Notes from a State of Exception: On Agnieszka Holland’s “Green Border” by Jeannine M. Pitas

The camera scans a vast expanse of green forest. Then, the image changes to black and white. Words appear, a time and place: Belarus, October 2021. We’re on a plane, a Turkish airline about to land in Minsk. People come into focus: a bearded man and a dark-haired woman, the man’s elderly father, two small children and a baby. Eventually, we will learn that they are from Syria, fleeing from ISIS and Basher al-Assad. We see a kind-faced woman with wavy black hair and glasses. We will learn that she is from Afghanistan, she has no family, she only saw two options—to wait for the Taliban or flee. The captain welcomes the passengers to Belarus. A flight attendant gives everyone a smile and a rose. 

Then, we cut to a minibus parked outside, into which the newly arrived refugees crowd. They’ve been told they’ll be taken to the border with Poland and given safe passage into the European Union. Hours later, only after they are violently dropped off in a remote patch of green forest, ordered to run over a section of barbed wire fence that has been knocked down, and left to fend for themselves, do they—and we—realize that they have been lied to.

When they are ultimately intercepted by Polish border guards, violently corralled into a vehicle, and returned to the Belarussian authorities, we realize their true predicament: they are pawns in a cruel political game, lured by Belarussian dictator Alexander Lukashenko with false promises of safe passage into the EU, then caught in a dangerous strip of land—what the Poles call Stan Wyjątkowy, the state of exception—where they are passed between the two borders like a soccer ball. While some receive help from young activists bearing food, warm clothes, and power banks for their phones, they are not given transportation or travel directions.

These scenes are the backbone of iconic Polish filmmaker Agnieszka Holland’s latest offering, Green Border (2023)While not a documentary, the film was based on hundreds of hours of document analysis and interviews with refugees, border guards, and Polish-Belarussian borderland residents. It starts with the situation of immigrants, then cuts to the story of a border guard who grows increasingly uneasy with the work he is doing, then to the activists, and then to a psychologist who, recently widowed and relocated to the northeastern region of Poland, learns that the political is indeed personal when she is suddenly awakened to the cries of the Afghan woman trapped in a nearby swamp. This structure—organized much like a five-act play—seeks to portray a cross-section of Polish society, suggesting that no one is unaffected by this reality.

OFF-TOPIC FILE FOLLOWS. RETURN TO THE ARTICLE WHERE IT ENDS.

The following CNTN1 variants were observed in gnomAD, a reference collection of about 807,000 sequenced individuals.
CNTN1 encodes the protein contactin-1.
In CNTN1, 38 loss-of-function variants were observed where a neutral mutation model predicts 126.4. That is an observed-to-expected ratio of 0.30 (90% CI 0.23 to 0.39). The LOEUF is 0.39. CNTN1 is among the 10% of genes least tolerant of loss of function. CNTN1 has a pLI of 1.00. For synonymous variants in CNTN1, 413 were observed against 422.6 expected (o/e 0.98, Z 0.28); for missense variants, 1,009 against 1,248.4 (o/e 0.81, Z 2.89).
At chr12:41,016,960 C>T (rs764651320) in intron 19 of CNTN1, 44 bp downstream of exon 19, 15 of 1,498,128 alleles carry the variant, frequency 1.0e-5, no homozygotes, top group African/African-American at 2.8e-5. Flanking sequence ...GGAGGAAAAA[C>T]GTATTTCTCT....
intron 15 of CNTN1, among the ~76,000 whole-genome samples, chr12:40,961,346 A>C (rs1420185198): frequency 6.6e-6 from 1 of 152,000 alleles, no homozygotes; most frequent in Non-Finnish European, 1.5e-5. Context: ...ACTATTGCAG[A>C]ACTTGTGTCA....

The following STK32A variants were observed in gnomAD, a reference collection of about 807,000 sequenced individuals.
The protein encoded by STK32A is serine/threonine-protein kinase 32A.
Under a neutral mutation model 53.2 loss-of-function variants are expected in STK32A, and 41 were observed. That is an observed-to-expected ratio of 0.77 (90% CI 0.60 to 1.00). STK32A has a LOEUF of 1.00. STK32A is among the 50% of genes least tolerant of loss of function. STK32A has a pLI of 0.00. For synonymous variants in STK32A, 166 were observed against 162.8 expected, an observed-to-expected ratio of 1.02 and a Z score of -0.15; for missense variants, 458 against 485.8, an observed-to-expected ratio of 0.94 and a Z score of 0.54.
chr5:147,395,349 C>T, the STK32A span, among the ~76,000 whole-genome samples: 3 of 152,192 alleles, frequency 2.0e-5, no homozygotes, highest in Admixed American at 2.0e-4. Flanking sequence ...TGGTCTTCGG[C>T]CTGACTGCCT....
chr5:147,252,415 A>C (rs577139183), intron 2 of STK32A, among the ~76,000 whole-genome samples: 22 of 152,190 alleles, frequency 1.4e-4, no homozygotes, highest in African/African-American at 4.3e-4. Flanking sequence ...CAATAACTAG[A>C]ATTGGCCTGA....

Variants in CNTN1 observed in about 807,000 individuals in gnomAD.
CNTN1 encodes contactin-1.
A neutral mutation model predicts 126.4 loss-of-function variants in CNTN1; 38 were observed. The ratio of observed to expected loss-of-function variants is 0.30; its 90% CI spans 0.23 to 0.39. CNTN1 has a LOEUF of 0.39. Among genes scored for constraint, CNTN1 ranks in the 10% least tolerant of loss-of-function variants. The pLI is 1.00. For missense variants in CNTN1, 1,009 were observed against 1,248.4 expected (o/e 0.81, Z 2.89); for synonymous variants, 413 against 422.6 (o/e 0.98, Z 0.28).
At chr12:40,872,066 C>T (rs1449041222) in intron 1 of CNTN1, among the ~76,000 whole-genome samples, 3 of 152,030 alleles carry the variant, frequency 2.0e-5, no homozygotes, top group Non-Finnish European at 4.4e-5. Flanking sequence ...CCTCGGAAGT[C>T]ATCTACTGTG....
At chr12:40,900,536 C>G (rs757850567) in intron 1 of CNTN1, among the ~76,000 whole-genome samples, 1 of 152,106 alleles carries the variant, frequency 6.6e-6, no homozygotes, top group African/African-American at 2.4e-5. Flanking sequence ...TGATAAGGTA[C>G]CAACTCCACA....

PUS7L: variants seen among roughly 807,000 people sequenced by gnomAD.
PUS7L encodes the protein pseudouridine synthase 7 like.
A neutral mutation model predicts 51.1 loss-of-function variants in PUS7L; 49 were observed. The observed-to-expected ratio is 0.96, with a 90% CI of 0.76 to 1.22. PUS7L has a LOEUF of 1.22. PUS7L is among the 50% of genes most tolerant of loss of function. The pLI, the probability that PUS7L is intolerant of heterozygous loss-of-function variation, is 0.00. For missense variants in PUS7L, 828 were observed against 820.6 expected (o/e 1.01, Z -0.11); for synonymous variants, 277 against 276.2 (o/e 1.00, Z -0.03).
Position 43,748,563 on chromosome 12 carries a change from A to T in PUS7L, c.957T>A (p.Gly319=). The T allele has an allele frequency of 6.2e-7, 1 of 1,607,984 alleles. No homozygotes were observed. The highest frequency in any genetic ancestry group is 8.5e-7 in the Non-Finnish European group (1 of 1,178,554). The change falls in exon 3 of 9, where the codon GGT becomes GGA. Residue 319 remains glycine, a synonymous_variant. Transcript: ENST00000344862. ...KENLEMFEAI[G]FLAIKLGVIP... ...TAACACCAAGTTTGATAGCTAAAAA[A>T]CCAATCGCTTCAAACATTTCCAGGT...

The film is painful to watch and contains horrible cruelties: the merciless beating of an old man, the image of a pregnant woman being thrown over a fence, the image of a Belarussian border guard demanding fifty Euro of a refugee for a bottle of water then dumping it on the ground before her. “If you came to our house, we would welcome you,” the Syrian father of the family shouts in Arabic to the Polish guards, who in a moment of total disconnection laconically respond, in Polish, “Sorry, I don’t understand you.” We are shown the Polish guards’ training, in which the commanding officer asserts, “These are not people. They are simply weapons Putin and Lukashenko are using against us.”

Nevertheless, the horror is relieved by moments of humor and beauty—like when the Syrian family’s young boy tells one of the activists that he saw a giraffe in the forest, or when two teenage boys from an unnamed French-speaking African country, taken in by an upper-class Polish family, engage in a freestyle hip-hop with that family’s children. These scenes show that hope, humanity, and kindness can still be found amid human cruelty. But these flashes of hope accompany tragic images of people who don’t make it—of a border security vehicle waiting outside a hospital to arrest the Afghan woman rescued from the swamp as soon as she is well enough to leave.

Based on an ongoing crisis, Holland’s film drew much ire from Poland’s right-wing government under the Law and Justice Party. Polish Minister of Justice Zbigniew Ziobro compared it to a Nazi propaganda film; a review-bombing campaign was organized, and the Polish judging committee for the Academy Awards in the category of Best International Feature Film chose not to nominate it as Poland’s submission. Yet the film was seen by many, and some commentators suggest that it may have had a hand in tipping the balance in Poland’s 2023 parliamentary elections away from Law and Justice and toward the centrist Civic Platform. Best known for her poignant depiction of a young Jewish man who survives World War II in her 1990 film Europa Europa, Holland is widely respected in Poland—something of a national treasure. Even in her country’s current politically polarized environment, her iconic status drew enough of a crowd to move the political needle.